New MyEtherWallet Phishing Attacks Witnessed

A new wave of MyEtherWallet phishing attacks has been witnessed which use a convincing domain and MyEtherWallet branding to trick MyEtherWallet users into sharing their credentials and providing criminals with access to their MyEtherWallet accounts. In the initial hours of the phishing campaign, the criminals responsible for the scam had obtained more than $15,000 of MyEtherWallet funds, including $13,000 from one MyEtherWallet user.

The individuals running this campaign have registered a domain name that is very similat to the legitimate MyEtherWallet website. The domain is almost identical to the actual website, and a quick glance at the URL would not reveal anything untoward. The domain uses the same design, logos, and color schemes as the genuine MyEtherWallet website.

Links to the phishing site are being broadcast in phishing emails, which tell recipients about a ‘hard fork’ update. Clicking the link in the email takes users to the spoofed site where they were asked to enter their private keys and verify their ETH and token balances. Completing the request would give the attackers access to the victims MyEtherWallet funds, allowing transfers to be made to the cybercriminals’ wallets.

The scam was identified by security researcher Wesley Neelen, who along with his partner, Rik van Duijn, investigated the spoofed website, found the source code and log files, and saw a list of compromised wallets. In total, 52.56 Ether – approximately $16,000 – had already been obtained.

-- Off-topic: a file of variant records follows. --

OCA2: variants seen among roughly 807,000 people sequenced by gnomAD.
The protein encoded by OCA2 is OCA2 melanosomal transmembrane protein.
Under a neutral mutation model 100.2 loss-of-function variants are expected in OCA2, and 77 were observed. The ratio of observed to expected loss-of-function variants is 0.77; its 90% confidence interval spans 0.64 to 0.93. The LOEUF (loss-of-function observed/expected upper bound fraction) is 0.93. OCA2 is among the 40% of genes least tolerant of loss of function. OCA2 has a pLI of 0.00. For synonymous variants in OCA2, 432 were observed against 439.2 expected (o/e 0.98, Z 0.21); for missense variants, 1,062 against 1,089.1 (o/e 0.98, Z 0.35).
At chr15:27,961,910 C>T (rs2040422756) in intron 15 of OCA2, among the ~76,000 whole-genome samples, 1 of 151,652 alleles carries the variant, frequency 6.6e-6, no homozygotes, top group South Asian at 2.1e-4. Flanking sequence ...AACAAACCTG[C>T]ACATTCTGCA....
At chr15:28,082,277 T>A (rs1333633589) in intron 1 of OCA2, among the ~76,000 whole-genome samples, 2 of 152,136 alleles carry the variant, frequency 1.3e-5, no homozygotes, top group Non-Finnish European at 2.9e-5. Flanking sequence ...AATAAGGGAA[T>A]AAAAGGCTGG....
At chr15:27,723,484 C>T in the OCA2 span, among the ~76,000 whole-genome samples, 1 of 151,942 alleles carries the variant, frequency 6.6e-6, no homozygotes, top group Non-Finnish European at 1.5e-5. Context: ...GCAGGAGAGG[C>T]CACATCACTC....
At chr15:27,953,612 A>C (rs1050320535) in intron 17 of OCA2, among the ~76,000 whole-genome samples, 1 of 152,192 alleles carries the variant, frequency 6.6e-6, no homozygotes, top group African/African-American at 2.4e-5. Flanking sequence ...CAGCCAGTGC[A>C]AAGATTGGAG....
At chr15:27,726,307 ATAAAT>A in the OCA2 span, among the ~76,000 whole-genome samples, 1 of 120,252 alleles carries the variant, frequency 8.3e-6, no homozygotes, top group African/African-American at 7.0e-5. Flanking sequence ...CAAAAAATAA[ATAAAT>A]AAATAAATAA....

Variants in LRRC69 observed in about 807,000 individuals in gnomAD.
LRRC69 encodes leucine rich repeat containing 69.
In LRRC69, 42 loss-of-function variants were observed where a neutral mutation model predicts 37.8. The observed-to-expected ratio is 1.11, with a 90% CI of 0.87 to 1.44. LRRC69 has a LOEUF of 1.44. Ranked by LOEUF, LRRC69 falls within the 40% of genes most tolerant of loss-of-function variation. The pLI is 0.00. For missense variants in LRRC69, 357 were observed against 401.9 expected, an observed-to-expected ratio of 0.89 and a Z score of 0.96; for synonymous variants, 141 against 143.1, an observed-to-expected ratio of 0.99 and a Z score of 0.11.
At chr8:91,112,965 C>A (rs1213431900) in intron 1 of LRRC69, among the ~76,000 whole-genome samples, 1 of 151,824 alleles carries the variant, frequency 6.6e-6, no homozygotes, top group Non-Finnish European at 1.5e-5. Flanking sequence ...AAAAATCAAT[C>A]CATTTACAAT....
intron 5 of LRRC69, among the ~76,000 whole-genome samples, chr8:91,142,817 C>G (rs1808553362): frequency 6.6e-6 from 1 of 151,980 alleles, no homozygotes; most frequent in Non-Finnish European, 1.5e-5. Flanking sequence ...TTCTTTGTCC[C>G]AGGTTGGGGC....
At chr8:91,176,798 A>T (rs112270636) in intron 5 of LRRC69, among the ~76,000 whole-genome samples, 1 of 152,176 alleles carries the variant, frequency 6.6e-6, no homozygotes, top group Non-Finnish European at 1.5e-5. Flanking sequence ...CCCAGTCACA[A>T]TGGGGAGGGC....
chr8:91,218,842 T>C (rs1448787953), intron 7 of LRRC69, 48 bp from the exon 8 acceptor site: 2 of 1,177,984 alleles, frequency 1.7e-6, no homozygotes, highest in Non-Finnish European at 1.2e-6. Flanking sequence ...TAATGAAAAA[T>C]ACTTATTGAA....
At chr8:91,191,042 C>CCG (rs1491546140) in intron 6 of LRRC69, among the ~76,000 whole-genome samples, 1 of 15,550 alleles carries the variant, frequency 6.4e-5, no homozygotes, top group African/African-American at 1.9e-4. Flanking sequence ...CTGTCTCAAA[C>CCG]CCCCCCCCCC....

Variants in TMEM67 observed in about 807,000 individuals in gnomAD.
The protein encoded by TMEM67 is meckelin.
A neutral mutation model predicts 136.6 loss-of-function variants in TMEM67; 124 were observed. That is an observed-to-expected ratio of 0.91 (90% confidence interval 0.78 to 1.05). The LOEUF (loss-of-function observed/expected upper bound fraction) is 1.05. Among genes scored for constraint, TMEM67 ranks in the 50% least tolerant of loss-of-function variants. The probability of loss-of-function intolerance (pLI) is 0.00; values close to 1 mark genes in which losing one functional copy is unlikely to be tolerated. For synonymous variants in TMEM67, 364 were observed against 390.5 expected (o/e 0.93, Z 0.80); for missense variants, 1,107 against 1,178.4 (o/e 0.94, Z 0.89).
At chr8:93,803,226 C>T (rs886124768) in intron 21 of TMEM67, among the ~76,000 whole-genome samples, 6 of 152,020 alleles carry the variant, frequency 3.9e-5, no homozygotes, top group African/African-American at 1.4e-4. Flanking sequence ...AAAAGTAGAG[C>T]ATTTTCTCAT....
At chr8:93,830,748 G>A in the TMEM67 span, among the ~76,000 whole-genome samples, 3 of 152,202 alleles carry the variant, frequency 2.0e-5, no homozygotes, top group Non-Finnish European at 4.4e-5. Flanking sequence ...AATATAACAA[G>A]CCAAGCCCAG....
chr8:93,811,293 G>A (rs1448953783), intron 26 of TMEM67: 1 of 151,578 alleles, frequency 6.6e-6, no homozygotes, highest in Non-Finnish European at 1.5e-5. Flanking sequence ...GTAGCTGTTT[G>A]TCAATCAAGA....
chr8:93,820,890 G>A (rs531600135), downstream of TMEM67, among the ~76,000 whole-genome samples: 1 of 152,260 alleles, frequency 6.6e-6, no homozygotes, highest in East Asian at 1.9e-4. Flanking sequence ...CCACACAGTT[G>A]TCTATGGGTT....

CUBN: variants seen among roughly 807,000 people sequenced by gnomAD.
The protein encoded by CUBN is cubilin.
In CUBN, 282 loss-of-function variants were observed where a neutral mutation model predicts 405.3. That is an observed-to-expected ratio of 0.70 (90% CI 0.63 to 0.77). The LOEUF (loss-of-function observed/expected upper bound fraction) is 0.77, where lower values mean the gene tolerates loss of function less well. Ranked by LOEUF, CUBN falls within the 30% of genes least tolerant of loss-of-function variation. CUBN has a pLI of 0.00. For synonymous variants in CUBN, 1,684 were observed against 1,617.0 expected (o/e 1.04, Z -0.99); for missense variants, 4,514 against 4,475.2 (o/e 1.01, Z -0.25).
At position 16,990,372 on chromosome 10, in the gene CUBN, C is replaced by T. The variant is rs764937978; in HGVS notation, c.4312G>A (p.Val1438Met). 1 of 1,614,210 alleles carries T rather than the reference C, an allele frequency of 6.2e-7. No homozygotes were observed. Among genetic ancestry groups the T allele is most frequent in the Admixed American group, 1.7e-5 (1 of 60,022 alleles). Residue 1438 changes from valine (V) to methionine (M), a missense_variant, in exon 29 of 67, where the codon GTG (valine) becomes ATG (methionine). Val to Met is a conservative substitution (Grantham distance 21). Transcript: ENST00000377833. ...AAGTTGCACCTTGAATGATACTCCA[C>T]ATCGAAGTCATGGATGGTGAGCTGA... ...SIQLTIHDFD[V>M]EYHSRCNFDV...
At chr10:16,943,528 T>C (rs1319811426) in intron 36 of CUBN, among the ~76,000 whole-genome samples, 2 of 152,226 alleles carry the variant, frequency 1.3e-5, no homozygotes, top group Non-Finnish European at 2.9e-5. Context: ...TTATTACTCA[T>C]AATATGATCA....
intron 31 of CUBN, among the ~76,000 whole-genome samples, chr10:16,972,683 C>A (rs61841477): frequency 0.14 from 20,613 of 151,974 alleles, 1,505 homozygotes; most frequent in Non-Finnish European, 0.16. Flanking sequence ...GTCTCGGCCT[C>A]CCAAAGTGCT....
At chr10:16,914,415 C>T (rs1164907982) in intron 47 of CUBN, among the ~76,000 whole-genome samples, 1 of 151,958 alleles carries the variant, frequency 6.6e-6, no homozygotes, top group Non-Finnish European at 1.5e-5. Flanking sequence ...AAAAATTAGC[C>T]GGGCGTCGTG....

The researchers sent a request to the domain registrar asking for the spoofed domain be taken down, although at present the domain is still thought to be live. The scam has also been reported to law enforcement agencies.

This MyEtherWallet phishing campaign is a timely reminder just how important it is to stop and think before responding to any email request. Clicking on any link in an email that needs a logon should be dealt with as suspicious. If a request such as this is encountered, it is important to go to the legitimate site by entering in the URL directly into the browser rather than clicking any link sent via email. By visiting the actual website, users will be able to see if there is a need to update any software and if the request is official.

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Emma Taylor

Emma Taylor is the contributing editor of Defensorum. Emma started on Defensorum as a news writer in 2017 and was promoted to editor in 2022. Emma has written and edited several hundred articles related to IT security and has developed a deep understanding of the sector. You can follow Emma on and contact Emma at